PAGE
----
Rolls-Royce Trent 1000 engines powering Boeing 787 Dreamliners will temporarily require additional inspections to probe a component flaw in the powerplant, European safety regulators said today in an airworthiness directive that takes effect May 2. The European Aviation Safety Agency (EASA) is concerned about degradation of seals on the Trent 1000’s intermediate pressure turbine section, and the engines will have to be removed in certain circumstances.

“This condition, if not detected and corrected, could lead to an in-flight shut-down resulting in reduced control of the airplane,” EASA said.

Full story from Bloomberg
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sn26567
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Re: Boeing 787 news

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Boeing resumes pre-delivery 787 production flights with FAA's permission. A production flight was operated Thursday with an ANA-bound 787.
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Re: Boeing 787 news

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After the FAA has authorised the Dreamliner to fly again with a modified battery system (see viewtopic.php?p=279620#p279620), ANA will conduct up to 200 test flights before allowing its own Boeing 787s in the air again.

All Nippon Airways, the biggest customer for Boeing grounded 787 Dreamliner, plans about 100 to 200 round trip test flights in May of its repaired aircraft before carrying passengers again from June.

Boeing engineers will start to refit each of the 50 jets owned by airlines around the world with the battery system and regulators are expected to lift the ban on passenger flights as early as next week, for the jets that have been fixed.

The ANA test flights are aimed at checking the safety of the aircraft, as well as having about 200 of ANA's Dreamliner pilots get accustomed to flying it again after more than a three-month break.

Full story from Reuters
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Re: Boeing 787 news

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Boeing has begun to install the battery fixes on 5 ANA 787s in Japan today.
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Re: Boeing 787 news

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Boeing 'may never find battery fault cause'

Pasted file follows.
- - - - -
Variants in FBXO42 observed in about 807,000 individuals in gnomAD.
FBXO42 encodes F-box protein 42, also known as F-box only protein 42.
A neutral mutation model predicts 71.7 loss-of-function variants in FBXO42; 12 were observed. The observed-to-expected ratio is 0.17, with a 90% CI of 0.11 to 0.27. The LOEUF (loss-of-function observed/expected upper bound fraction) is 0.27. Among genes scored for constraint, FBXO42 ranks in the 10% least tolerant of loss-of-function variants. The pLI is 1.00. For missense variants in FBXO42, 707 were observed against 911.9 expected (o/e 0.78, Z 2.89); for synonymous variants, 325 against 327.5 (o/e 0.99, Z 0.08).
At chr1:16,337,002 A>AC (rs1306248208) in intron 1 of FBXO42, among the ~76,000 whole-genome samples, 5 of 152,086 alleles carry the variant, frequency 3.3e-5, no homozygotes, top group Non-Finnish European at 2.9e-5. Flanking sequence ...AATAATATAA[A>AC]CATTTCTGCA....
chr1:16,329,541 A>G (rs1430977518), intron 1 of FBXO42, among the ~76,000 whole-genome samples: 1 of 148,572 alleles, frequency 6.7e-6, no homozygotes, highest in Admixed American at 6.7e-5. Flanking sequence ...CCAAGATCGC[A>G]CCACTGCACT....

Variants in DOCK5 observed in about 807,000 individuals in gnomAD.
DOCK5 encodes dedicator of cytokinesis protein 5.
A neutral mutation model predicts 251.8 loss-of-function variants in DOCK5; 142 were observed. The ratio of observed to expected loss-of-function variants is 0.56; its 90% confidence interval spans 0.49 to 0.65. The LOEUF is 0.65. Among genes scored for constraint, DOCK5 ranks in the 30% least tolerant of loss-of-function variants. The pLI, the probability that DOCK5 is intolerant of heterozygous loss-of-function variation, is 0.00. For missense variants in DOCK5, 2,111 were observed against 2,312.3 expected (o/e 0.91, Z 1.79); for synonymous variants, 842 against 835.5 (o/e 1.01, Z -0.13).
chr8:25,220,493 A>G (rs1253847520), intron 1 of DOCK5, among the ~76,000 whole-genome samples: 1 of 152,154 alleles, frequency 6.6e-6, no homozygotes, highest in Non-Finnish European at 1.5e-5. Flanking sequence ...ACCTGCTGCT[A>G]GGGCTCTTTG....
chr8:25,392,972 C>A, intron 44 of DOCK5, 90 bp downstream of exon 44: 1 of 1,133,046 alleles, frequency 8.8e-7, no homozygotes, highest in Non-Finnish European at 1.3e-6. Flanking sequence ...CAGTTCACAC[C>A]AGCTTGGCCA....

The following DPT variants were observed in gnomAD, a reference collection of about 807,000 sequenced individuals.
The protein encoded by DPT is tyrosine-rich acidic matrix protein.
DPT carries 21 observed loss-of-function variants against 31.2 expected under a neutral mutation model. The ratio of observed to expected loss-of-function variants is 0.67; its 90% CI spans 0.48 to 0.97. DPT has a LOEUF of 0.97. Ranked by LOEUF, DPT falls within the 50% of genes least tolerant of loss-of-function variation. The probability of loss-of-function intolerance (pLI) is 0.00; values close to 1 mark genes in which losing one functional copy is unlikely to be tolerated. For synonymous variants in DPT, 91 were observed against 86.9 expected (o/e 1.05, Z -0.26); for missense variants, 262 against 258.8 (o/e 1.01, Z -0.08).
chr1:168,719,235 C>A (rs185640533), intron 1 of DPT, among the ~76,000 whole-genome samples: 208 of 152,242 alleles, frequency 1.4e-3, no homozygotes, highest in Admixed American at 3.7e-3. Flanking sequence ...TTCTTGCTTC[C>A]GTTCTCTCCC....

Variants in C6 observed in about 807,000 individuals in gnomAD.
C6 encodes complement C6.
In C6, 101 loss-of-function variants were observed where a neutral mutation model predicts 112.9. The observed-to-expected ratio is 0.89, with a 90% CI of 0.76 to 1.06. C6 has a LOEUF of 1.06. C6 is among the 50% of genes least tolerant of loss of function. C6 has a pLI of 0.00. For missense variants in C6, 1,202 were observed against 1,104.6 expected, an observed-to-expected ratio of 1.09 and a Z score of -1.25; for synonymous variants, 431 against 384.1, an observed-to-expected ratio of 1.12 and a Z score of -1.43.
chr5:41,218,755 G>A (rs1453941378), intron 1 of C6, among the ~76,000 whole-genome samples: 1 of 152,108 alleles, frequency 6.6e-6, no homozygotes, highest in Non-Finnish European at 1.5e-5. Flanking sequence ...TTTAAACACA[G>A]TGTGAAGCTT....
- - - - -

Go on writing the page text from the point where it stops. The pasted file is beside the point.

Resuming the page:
Boeing has admitted that it may never know what caused the battery malfunctions that resulted in all its 787 Dreamliner aircraft being grounded. The admission came from Boeing's Larry Loftis, the general manager of the company's 787 division. He added: "It is not uncommon not to have found the single root cause. So industry best practice is to look at all the potential causes and address all of them."

Replacement battery systems are now being fitted to all 50 Dreamliners that had been in operation with airlines around the world.

Boeing expects the planes to resume service in the coming weeks.

The two lithium-ion batteries are not used when the 787 is in flight. Instead they are operational when the plane is on the ground and its engines are not turned on, and are used to power the aircraft's brakes and lights.

Mr Loftis said Boeing had put 200,000 engineer hours into fixing the problem, with staff working round the clock.

Improved batteries are now being introduced. Mr Loftis explained that the newer batteries did not have to work so hard, and therefore operated at a cooler temperature.

In addition, the new batteries are enclosed in stainless steel boxes which have a ventilation pipe that directly goes to the outside of the plane. So Mr Loftis said that any future "rare cases" of battery failure would be "100% contained", with any smoke immediately leaving the plane.

A total of 300 Boeing engineers, pooled into 10 teams, have now started fitting the replacement batteries and battery systems to the 787s in service around the world, and also to those that have been built by Boeing since January.